Hurricane Preparations on the Homestead

TS Erika forecast 5 pm 27Aug15Good morning, everyone! It looks like hurricane season has finally arrived this year for real. Yep, that picture above is the latest forecast, as of this writing (last night). At the top of the cone in South Carolina, very close to the longitude line, on the coast, lies Charleston. The forecast isn’t calling for a landfall in Charleston, but the eye will come close to the coast. How close? No one knows just yet. With tropical storm force winds reaching 105 miles from the center (the eye), my homestead will be in that stormy weather range one way or another. So, it’s time to prepare. 

Although I keep my homestead prepared for many eventualities, there are still things that need to be done to batten down the hatches and get my homestead squared away. Here’s a list of what should be done in the event of a hurricane, and where I’m at in the process of preparing.


  • NON-PERISHABLE FOOD & BOTTLED WATER: If the electricity goes out for a long period of time, you can forget your refrigerated (and possibly your frozen) food. The same goes for the food at the grocery store. Can you feed yourself for more than a couple days in that case? I just did a major restock to my pantry this month, so I’m good on most items. However, I do have to get a few more things (more canned meat that’s precooked, in case I lose electricity and can’t go outside to cook – like DURING the storm) and some more bottled water. The recommendation is to have one gallon of water per person per day for a minimum of three days. (That’s the time it would take to get trucks into the city with more water – IF the roads are passable after the storm.) I don’t think the storm will be that bad, but I want to have at least three days’ worth of water for me and my son. (My Garden Wilson will be out of town!)
  • DISPOSABLE/PICNIC ITEMS: If there is a water issue (long-term electricity loss at the water plant or water contamination), you won’t be able to wash dishes. Plastic utensils, paper plates, and paper napkins are all handy for emergencies. In my case, I have a good supply, but I think I need some more plastic/disposable flatware.
  • FUEL FOR COOKING: Unless you have a gas stove, you’ll have to provide an alternative cooking source in the event the electricity goes out. Whether it’s containers of propane gas for your gas grill or camp stove, or firewood for your fire pit, be sure to have at least a week’s supply. A month’s supply is even better. I have a camp stove with a box of small propane gas containers. I also have plenty of firewood and charcoal for my fire pit.
  • ALTERNATIVE LIGHTING: If the electricity goes out, you’ll need alternative lighting. Candles (and matches to light them!), oil lamps (with a supply of oil and wicks), flashlights, and battery-operated lanterns (with extra batteries) are all good sources. I have boxes of candles, but I need to get them out of the garage and have them – and candlesticks – ready. I have a large oil lamp on my dining room table, filled with lamp oil. I also have a large camp lantern and two mini lanterns, all of which have batteries that need to be checked. (The mini lanterns are great to keep in the bathroom.)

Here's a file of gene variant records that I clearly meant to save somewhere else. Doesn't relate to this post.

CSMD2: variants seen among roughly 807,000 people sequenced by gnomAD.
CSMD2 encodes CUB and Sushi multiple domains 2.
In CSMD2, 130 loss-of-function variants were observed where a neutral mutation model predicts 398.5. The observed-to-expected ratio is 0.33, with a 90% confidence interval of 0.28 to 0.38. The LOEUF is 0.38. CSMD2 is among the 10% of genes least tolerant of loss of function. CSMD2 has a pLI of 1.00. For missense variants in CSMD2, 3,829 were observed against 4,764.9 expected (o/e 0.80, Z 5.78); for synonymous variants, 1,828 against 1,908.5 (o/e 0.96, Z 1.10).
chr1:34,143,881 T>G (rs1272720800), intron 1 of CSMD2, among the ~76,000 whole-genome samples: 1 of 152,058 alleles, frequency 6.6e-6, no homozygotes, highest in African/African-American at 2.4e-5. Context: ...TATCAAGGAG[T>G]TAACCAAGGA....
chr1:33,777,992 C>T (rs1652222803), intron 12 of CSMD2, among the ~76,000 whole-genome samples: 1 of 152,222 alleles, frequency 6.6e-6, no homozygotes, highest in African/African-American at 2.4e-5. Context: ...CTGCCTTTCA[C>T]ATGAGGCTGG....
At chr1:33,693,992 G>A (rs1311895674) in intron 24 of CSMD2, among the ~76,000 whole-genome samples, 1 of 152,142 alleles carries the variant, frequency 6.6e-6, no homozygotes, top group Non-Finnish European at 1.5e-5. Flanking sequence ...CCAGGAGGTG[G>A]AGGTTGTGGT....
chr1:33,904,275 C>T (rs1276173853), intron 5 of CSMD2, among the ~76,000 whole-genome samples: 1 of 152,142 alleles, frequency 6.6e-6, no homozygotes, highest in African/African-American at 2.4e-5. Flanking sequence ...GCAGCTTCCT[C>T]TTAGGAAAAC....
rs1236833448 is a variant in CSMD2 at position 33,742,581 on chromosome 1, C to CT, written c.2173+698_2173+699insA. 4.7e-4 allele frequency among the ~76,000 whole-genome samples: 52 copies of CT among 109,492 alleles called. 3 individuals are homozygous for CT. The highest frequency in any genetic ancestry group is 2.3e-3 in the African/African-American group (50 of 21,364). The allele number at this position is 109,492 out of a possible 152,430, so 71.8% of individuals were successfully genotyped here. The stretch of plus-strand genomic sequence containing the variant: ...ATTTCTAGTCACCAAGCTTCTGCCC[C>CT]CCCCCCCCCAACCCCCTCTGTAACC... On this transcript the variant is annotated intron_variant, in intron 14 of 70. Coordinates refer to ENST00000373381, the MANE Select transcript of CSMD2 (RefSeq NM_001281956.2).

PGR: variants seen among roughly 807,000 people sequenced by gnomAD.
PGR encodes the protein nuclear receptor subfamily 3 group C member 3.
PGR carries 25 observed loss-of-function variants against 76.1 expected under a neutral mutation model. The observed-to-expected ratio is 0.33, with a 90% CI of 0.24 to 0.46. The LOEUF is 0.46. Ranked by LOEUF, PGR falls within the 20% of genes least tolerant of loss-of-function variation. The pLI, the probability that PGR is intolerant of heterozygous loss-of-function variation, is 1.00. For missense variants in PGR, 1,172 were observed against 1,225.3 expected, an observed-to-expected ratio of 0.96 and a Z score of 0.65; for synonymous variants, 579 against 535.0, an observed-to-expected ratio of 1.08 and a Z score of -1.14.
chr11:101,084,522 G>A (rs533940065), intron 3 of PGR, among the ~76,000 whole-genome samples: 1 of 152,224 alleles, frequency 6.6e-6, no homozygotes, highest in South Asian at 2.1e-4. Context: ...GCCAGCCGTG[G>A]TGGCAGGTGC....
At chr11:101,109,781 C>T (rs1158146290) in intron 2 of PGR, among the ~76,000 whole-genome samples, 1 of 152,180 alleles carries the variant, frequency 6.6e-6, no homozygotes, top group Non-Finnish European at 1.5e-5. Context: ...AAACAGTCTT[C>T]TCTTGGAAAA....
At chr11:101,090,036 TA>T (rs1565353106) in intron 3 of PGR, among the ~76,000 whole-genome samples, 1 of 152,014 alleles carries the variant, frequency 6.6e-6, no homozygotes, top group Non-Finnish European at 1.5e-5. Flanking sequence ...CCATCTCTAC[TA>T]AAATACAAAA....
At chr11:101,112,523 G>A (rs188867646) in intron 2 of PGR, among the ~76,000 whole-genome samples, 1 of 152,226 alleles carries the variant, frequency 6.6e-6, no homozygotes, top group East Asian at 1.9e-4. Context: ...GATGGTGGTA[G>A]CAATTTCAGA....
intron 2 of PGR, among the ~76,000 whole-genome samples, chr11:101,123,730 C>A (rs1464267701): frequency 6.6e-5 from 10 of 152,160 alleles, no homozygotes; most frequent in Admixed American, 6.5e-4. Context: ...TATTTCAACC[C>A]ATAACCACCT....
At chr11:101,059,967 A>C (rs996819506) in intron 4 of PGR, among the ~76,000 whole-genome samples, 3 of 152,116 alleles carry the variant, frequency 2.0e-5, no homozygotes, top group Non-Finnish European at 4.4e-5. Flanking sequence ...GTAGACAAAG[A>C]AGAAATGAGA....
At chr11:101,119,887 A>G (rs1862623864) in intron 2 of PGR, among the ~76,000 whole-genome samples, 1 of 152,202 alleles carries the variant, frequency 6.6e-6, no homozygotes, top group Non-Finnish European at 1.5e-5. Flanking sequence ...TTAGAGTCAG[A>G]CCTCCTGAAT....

• BATTERY-OPERATED RADIO: If the electricity goes out, you will have no TV or internet (routers need electricity). You will need to have an alternative source of weather and emergency information. I have an emergency radio that has a light and siren on it. I need to pull that out and be sure it has good batteries.
  • BATTERIES: Yes, the proverbial battery run will commence soon. Check all your lighting sources and your radio to be sure you have enough of the right size batteries. Stock up if you don’t. I have a funny feeling my son has raided my battery supply for his X-Box controller, so I may be making that battery run myself. (But I intend to go earlier than everyone else to beat the crowds and get the supply…like today!)
  • FIRST AID KIT: Be sure your first aid kit is well stocked and dated items are not expired. In the event of an emergency during the storm, first responders will not be able to get to you. I’m a fanatic about making sure I have good first aid supplies on hand. It’s a homestead, and I’m a klutz. A first aid kit is a normal necessity around me, so I’m good on that one!


  • WASH CLOTHES: Sounds silly, but what if the electricity goes out for a long period of time? You’ll wish you had clean underwear if you didn’t make sure the laundry was caught up the night before the storm hits! It would seem we’ll start experiencing some effects of the storm Tuesday night, but it’s still too far out to tell. If that’s the case, my laundry will be done as soon as I get home from work on Tuesday.
  • FILL YOUR GAS TANK: Be sure you have a full tank of gas before the storm hits. Gas pumps run on electricity, so if there are widespread outages, you won’t be able to get gas. I don’t know about you, but I don’t like even the thought of being stranded if I HAD to get out in an emergency. I’ll be topping off the gas tank Monday afternoon or Tuesday morning.
  • HAVE CASH ON HAND: Like gas pumps, cash registers and ATMs run on electricity. No electricity, no cash registers or ATMs. During Hurricane Hugo here (back in 1989), I heard that some stores opened and sold the non-perishable items they had (during daylight hours, of course – no lights), but had to use calculators to ring up sales. Cash is always king during emergencies. I will be visiting my bank on Monday to take out some cash.